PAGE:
The Consumer Electronics Association (CEA) has vowed to pursue legal and legislation solutions to yesterday’s decision by the California Energy Commission (CEC) to impose energy-efficiency requirements on TVs sold in the state.
The standards require that new televisions sold in California consume 33 percent less electricity by 2011 and 49 percent less electricity by 2013. The standards affect only those TVs with a screen size 58 inches or smaller. For example, a 42-inch screen would consume 183 watts or less by 2011 and 115 watts or less by 2013. Go here to see a detailed list of the requirements.
“CEA is extremely disappointed in the CEC’s decision to regulate TV energy use,” says Jason Oxman, CEA’s senior vice president of Industry Affairs. “Simply put, this is bad policy—dangerous for the California economy, dangerous for technology innovation and dangerous for consumer freedom. Instead of allowing customers to choose the products they want, the Commission has decided to impose arbitrary standards that will hamper innovation and limit consumer choice. It will result in higher prices for consumers, job losses for Californians, and lost tax revenue for the state.”
Though the CEC says the TV requirements will save California consumers energy and money, as well as reduce greenhouse gas emissions from electrical generation, the CEA claims the regulations will have a potentially devastating impact on commerce, costing California more than 4,000 jobs and approximately $46.8 million in tax revenue. In addition, the CEA claims the data on which the CEC based its decision was flawed and the projected energy savings overstated.
“The CEC’s actions over the past year demonstrate that this regulatory process is broken,” Oxman states. “The commissioners repeatedly rebuffed attempts from the CE industry to provide input or correct the litany of errors and flawed assumptions upon which these misguided regulations are based.”
Several representatives from the CEA spoke out against the proposed regulations during an Oct. 13 public hearing that was at times contentious, with a CEC commissioner at one point chiding the trade organization for “seemingly contradictory” statements and for failing up to that time to submit proof of its claims to the CEC during the public comment period. The CEA later submitted 91 pages of objections to the proposal, minutes before the deadline for public comment and effectively postponing a Nov. 4 vote the CEC had planned on the matter.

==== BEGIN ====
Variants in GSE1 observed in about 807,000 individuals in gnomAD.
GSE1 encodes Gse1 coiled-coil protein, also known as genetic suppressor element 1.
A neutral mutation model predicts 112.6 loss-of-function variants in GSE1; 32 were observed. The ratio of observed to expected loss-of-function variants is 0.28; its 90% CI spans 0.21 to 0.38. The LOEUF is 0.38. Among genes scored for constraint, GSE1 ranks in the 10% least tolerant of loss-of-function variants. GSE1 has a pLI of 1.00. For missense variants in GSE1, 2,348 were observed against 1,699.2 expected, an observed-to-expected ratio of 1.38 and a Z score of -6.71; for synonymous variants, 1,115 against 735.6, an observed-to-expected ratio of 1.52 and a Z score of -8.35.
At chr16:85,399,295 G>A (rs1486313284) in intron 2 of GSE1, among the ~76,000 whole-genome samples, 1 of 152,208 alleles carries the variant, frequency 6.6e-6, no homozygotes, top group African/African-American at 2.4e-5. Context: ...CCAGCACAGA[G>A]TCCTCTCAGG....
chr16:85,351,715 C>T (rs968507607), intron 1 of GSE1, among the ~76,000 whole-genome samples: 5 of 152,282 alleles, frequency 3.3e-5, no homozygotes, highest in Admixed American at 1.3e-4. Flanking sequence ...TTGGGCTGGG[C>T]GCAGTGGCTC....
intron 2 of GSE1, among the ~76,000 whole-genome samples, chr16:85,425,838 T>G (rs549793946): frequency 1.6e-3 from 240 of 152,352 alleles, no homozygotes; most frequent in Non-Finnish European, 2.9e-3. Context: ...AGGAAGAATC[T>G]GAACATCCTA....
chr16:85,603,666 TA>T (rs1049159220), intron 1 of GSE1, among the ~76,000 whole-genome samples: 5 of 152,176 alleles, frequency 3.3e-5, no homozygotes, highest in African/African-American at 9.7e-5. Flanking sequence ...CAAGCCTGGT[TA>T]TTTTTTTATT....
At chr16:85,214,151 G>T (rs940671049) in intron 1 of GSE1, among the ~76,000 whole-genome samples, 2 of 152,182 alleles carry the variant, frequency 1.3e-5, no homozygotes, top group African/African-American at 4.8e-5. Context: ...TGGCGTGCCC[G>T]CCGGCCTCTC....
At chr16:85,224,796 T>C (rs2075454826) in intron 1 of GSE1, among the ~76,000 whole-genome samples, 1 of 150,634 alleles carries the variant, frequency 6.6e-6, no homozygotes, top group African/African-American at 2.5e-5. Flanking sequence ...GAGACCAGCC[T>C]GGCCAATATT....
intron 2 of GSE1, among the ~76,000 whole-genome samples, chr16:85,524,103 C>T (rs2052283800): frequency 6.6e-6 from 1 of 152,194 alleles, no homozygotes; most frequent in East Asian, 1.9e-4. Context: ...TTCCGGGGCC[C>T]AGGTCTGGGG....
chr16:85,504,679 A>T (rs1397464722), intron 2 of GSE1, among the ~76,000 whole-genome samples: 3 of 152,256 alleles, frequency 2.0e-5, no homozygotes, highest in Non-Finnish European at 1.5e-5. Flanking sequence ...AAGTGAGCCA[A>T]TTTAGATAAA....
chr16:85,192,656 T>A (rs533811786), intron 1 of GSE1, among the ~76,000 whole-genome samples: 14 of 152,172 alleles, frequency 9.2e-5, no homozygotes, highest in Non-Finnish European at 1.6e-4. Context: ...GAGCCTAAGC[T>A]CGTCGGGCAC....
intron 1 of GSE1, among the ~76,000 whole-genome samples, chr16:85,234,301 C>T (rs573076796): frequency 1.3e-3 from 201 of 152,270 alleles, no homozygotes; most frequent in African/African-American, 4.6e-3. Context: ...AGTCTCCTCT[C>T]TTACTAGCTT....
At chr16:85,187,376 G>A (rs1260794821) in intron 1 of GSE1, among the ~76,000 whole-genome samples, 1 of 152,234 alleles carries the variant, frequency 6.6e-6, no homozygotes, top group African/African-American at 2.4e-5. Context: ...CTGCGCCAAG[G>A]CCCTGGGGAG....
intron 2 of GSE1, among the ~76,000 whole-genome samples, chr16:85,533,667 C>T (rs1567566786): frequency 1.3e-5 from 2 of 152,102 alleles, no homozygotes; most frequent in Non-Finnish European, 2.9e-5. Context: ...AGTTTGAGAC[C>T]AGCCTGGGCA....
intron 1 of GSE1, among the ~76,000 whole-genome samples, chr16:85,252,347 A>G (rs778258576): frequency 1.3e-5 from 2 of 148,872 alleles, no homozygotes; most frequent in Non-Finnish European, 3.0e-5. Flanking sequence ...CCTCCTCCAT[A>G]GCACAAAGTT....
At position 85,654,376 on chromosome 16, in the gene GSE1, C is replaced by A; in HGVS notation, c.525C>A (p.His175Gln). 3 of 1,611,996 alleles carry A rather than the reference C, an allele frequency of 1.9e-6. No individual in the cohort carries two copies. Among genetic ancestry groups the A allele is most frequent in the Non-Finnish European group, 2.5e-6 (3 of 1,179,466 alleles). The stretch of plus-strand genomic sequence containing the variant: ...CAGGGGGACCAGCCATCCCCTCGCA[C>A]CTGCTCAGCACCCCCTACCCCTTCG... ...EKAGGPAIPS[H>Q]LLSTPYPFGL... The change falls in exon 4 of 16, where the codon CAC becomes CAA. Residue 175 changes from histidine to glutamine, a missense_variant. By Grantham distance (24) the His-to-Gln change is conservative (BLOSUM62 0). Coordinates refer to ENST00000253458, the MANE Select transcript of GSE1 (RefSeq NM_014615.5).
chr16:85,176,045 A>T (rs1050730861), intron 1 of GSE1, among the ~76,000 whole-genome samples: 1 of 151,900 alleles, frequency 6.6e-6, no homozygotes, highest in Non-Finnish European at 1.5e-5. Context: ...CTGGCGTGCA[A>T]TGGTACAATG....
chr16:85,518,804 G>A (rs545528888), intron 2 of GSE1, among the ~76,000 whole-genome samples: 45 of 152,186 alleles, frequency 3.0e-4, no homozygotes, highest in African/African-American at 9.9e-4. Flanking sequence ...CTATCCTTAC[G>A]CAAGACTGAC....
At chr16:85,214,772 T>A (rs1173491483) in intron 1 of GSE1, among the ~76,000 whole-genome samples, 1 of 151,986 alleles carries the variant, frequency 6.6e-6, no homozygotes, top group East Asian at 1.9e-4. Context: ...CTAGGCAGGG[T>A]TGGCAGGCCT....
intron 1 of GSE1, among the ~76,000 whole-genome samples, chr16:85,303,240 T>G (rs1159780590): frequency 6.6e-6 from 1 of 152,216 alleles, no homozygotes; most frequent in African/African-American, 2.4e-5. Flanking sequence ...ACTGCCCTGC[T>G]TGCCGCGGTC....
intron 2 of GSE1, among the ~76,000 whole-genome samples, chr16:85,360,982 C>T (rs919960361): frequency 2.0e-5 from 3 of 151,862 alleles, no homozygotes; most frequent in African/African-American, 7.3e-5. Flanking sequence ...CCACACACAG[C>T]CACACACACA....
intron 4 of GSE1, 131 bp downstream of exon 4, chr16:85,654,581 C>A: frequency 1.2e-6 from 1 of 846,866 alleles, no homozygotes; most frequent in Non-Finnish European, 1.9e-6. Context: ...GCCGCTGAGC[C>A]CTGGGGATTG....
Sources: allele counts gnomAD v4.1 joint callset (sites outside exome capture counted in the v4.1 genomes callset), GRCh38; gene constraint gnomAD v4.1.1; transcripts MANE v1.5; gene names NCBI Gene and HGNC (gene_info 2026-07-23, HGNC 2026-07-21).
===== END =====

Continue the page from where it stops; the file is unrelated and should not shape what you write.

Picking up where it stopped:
“The real winners of these new TV energy efficiencies are California consumers who will be saving billions of dollars and conserving energy while preserving their choice to buy any size or type of TV,” says CEC Chairman Karen Douglas. “Californians buy four million televisions each year and they deserve the most energy efficient models available.”
“We will continue to pursue legislative and legal solutions to ensure that California citizens will not suffer the consequences of this misguided policy,” states the CEA in a prepared statement. A CEA representative said it was too early to tell precisely what action the CEA will take.
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Steven Castle is Electronic House's managing editor. he has been writing about consumer electronics, homes and energy efficiency topics for two decades. He is also the co-founder of GreenTech Advocates